Roughly bounded by 14th Street, Hudson Street, Jane Street and Tenth Avenue, the Gansevoort Market area is architecturally and historically significant and worthy of protection as the only remaining, virtually intact streetscape of 19th century market buildings in New York City. The Gansevoort Market has served the city as a wholesale food market continuously since as early as the 1830s.

There are many buildings in the Gansevoort Market of high architectural merit, designed by distinguished architects such as Boring & Tilton, Trowbridge & Livingstone and Joseph M. Dunn. Further, they have shown themselves time and again to have a remarkable resilience and capacity for adaptive re-use. Woven together by the surrounding cobblestone streets, these structures clearly represent the early commercial and manufacturing development of the City. Walking through the Gansevoort Market, one still has a distinct sense of being in another time and place that is like no other in the City. It is this unique character that is, in fact, attracting much of the current commercial and development interest in the market area.

Over the past year, the Society has further documented the historic resources in the Gansevoort Market, performing a land use survey, and creating a slide presentation highlighting the area’s unique sense of place. The Society has also has engaged in discussions with the Landmarks Preservation Commission, the City Planning Commission and local community groups regarding the area’s protection.

If you would like more information regarding these ongoing efforts, or would like to offer your support, please call the Society at 212/475-9585.


From our Spring/Summer 2000 Newsletter

GVSHP Defends Integrity of Washington Square Park

The Greenwich Village Society for Historic Preservation has been closely monitoring New York University’s latest plans for two major development projects on the south side of Washington Square Park, urging the University – through discussion and demonstration – to respect the historic character of the park and its surrounding neighborhood.

The first project is a 12-story, 206,000-square foot student center to be built on the site of the recently-demolished Loeb Student Center (on the corner of LaGuardia Place and Washington Square South). Designed by the architectural firm of Kevin Roche/John Dinkeloo Associates, the proposed Kimmel Student Center building will include a 1,000-seat performing arts center, an auditorium and dining space, spaces for student clubs and activities and a rooftop conference and gathering center.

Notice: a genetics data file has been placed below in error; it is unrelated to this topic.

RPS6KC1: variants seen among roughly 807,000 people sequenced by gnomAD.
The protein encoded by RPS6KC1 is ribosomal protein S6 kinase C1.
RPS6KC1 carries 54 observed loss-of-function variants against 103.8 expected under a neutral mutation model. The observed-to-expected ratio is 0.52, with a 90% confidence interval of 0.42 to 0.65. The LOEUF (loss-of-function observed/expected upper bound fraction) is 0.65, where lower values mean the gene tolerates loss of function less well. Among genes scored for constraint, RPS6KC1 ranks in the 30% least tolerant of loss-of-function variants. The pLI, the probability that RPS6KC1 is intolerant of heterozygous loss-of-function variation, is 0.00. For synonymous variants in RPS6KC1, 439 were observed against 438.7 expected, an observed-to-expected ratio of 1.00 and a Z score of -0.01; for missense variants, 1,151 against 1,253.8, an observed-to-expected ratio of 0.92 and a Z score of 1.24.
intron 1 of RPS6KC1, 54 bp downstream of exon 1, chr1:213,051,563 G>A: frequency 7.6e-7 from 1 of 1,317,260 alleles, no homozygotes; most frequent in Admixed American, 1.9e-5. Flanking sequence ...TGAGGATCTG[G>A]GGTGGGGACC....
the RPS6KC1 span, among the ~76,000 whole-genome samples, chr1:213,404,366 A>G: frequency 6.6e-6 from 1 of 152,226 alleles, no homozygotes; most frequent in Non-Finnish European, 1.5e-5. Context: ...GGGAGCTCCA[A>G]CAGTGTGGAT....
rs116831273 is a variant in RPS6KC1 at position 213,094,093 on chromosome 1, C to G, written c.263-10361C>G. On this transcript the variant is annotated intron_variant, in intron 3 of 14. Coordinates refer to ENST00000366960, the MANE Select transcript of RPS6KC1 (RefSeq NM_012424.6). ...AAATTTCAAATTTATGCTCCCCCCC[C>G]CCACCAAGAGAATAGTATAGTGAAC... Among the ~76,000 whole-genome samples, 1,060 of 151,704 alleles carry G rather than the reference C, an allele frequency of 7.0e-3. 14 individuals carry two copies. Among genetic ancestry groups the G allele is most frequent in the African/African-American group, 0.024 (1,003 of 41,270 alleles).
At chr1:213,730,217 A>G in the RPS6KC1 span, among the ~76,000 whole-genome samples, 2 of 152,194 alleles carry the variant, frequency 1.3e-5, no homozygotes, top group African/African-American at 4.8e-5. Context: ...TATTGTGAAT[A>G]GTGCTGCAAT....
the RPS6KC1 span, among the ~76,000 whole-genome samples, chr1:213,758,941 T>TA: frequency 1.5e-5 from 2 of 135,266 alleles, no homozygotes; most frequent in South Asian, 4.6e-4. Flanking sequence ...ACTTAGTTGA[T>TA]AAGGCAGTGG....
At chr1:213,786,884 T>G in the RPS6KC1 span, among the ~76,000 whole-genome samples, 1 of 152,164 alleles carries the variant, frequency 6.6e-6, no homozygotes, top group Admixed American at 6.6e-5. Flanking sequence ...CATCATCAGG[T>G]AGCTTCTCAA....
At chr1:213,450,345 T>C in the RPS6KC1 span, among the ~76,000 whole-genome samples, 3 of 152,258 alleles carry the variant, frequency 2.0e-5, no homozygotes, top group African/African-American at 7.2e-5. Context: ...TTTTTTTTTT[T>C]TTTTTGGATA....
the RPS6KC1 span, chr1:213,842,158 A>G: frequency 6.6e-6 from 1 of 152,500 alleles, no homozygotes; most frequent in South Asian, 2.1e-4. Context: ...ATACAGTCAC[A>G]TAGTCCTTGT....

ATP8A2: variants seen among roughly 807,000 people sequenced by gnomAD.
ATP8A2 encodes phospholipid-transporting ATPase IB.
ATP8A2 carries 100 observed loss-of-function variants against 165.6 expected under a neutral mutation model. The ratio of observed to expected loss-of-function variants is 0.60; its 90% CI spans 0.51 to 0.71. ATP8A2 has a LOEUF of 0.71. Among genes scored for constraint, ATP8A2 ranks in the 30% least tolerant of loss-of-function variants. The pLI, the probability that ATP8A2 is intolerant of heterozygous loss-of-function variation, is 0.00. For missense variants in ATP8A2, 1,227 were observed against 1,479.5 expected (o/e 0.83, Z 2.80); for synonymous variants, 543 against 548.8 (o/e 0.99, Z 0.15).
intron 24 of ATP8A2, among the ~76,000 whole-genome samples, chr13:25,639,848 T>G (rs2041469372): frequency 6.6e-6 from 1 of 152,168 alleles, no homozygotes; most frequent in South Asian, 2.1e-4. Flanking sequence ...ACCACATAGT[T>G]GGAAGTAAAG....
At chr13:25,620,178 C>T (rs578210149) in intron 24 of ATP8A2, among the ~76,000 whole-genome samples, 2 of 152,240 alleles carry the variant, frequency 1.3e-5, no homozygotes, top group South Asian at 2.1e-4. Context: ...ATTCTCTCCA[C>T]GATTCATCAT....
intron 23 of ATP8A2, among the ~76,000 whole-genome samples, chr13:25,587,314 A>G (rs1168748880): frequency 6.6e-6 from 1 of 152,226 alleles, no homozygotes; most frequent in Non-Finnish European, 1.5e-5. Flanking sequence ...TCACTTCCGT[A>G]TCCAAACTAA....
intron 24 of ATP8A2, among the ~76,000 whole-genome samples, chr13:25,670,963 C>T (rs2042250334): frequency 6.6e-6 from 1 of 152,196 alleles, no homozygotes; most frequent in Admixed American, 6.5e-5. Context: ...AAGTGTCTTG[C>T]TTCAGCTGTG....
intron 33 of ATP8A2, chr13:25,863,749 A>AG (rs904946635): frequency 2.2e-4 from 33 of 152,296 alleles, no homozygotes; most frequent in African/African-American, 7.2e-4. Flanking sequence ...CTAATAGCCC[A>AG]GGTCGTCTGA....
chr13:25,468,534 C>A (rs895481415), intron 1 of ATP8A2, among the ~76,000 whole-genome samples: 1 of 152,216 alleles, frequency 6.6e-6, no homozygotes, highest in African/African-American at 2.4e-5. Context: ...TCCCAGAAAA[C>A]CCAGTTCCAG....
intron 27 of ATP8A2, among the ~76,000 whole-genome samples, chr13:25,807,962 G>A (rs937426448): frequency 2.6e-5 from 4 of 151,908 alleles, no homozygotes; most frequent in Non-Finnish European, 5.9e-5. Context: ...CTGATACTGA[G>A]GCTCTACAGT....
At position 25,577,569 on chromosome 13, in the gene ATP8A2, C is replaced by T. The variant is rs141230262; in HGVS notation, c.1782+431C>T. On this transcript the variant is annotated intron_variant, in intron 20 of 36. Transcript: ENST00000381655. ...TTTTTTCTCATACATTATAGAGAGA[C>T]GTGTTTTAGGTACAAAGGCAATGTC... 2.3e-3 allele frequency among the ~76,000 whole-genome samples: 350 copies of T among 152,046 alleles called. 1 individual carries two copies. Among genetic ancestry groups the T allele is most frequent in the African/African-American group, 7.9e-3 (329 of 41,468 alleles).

Concerned that the proposed architectural design is incompatible within the context of Washington Square and the adjacent Greenwich Village Historic District, members of GVSHP’s Preservation Committee have engaged in a series of meetings over the past year with representatives of the University and their architect. GVSHP has strongly urged the University to consider several specific design modifications that would reduce the negative impacts of the project. GVSHP has suggested: reducing the height and bulk of the building, changing building materials (from the originally proposed granite, to brick and/or stone), using less glass, and incorporating additional active uses on the ground floor.

GVSHP is also lending support to grassroots community efforts to urge NYU to rethink the project. On Sunday, March 19th, GVSHP invited its members to Washington Square Park for a “Human Shadow” demonstration where a sea of black umbrellas was unfurled to simulate the additional shadows the proposed Kimmel Student Center would throw over portions of the park. Demonstrators were joined by Congressman Jerrold Nadler, State Senator Thomas Duane, Assemblymember Deborah Glick, Councilmember Kathryn Freed, and GVSHP Trustee Jonathan Russo.

Meanwhile, New York University Law School intends to develop a major new facility one block to the west. Working with the architectural firm Kohn Pedersen Fox Associates, the Law School is devising plans for a large mixed-use building that would incorporateclassrooms, seminar rooms, clinic space and faculty residences.

As currently envisioned by the University, the development would necessitate the demolition of several 19th century structures on the block. These include 235-289 Thompson Street (Judson House), 85 West Third Street (Poe House) and 89 West Third Street (Fuchsberg Building). These properties are all owned by the University and are unprotected by New York City Landmarks Law.

As with the Kimmel Center project, GVSHP has initiated discussions with the University and their architect regarding this project. GVSHP has expressed concern over the loss of 19th century building stock, and is urging sensitivity to the potential impact the project will have on Judson Memorial Church and tower (listed on the National Register of Historic Places), the south side of Washington Square Park, and the scale, rhythm and texture of the existing historic streetscape of Thompson and West Third Streets.

The Society remains hopeful that substantive opportunity for meaningful public comment will occur frequently in the design process for this important project and future University development projects.